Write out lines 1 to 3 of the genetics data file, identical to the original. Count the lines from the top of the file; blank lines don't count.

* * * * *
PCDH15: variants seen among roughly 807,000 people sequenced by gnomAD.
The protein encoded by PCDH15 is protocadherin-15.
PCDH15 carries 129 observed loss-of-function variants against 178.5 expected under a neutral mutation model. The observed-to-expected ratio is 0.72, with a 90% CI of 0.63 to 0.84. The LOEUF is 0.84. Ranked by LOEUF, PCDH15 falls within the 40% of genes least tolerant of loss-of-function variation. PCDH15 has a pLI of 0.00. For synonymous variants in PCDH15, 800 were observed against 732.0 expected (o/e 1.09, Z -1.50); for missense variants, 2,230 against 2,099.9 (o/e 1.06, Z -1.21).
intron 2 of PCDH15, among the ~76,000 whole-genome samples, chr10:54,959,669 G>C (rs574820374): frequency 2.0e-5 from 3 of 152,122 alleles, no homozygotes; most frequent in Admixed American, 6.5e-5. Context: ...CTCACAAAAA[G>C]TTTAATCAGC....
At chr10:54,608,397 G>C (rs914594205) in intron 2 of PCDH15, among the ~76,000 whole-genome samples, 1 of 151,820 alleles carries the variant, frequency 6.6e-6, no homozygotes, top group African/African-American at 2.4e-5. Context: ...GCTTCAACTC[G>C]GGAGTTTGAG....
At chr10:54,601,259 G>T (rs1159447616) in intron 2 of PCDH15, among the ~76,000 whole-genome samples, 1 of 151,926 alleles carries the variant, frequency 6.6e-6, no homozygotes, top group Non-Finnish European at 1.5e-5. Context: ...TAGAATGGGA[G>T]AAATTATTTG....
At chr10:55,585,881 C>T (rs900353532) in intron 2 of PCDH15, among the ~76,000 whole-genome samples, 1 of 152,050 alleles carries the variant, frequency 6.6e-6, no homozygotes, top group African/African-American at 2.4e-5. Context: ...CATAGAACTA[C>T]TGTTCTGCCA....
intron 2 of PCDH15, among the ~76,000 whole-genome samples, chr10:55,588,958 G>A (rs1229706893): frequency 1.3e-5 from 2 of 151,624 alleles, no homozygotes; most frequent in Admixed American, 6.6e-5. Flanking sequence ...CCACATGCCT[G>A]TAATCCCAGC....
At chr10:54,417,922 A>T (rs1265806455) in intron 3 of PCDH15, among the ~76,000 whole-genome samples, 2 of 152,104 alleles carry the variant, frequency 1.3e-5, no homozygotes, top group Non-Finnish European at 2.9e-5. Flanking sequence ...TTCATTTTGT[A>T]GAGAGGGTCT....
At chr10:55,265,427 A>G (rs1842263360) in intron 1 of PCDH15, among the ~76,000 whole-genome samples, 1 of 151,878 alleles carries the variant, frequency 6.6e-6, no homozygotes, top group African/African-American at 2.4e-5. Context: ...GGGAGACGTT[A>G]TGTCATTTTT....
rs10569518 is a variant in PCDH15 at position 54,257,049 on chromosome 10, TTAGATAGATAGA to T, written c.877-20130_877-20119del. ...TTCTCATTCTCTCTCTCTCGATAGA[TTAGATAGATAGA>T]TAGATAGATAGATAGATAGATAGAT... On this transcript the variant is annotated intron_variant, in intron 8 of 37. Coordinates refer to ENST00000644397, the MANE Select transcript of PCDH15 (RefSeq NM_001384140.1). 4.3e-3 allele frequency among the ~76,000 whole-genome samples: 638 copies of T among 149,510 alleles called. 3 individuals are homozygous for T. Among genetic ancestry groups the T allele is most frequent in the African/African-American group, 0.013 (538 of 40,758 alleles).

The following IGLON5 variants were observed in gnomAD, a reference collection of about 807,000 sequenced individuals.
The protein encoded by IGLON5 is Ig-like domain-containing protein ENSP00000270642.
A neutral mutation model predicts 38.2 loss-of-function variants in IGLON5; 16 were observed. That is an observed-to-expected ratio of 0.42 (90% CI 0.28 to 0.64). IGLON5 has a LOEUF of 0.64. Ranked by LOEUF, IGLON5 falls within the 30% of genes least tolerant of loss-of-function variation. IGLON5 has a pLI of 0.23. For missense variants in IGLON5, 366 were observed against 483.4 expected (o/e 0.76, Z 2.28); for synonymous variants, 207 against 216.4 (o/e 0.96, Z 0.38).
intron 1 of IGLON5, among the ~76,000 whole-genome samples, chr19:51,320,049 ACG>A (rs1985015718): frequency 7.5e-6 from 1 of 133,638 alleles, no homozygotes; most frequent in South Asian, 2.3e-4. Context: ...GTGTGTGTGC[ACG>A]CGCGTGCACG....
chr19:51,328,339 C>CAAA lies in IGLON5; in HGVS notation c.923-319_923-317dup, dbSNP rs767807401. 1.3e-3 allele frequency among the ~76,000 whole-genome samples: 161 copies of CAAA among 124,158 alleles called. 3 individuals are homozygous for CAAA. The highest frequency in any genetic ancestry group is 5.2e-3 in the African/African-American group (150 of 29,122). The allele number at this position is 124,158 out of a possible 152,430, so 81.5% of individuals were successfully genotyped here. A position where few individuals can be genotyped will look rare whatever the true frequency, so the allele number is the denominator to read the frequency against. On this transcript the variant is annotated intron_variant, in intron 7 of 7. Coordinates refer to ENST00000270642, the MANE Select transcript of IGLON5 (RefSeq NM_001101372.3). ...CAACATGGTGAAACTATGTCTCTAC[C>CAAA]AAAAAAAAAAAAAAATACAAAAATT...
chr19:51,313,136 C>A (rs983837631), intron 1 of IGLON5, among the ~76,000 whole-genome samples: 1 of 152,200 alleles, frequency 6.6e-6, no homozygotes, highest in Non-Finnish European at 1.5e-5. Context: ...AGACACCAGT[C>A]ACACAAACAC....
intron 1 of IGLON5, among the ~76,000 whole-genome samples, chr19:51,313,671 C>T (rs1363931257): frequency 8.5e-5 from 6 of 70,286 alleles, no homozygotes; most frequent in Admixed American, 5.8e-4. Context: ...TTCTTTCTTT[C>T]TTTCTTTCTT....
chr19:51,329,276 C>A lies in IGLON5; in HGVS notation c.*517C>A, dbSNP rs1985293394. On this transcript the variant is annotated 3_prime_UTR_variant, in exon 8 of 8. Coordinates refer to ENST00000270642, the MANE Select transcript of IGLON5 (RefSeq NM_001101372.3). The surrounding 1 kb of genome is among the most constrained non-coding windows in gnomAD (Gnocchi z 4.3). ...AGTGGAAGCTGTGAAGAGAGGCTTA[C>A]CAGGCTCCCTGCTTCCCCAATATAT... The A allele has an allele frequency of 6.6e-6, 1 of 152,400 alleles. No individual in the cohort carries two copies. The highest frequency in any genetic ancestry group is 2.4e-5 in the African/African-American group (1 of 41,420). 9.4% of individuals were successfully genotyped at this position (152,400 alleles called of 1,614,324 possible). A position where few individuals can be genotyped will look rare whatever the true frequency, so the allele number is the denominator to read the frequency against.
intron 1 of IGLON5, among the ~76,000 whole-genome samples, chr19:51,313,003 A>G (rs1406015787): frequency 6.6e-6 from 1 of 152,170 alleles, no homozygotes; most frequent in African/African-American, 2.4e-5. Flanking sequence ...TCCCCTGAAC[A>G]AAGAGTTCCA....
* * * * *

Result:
PCDH15: variants seen among roughly 807,000 people sequenced by gnomAD.
The protein encoded by PCDH15 is protocadherin-15.
PCDH15 carries 129 observed loss-of-function variants against 178.5 expected under a neutral mutation model. The observed-to-expected ratio is 0.72, with a 90% CI of 0.63 to 0.84. The LOEUF is 0.84. Ranked by LOEUF, PCDH15 falls within the 40% of genes least tolerant of loss-of-function variation. PCDH15 has a pLI of 0.00. For synonymous variants in PCDH15, 800 were observed against 732.0 expected (o/e 1.09, Z -1.50); for missense variants, 2,230 against 2,099.9 (o/e 1.06, Z -1.21).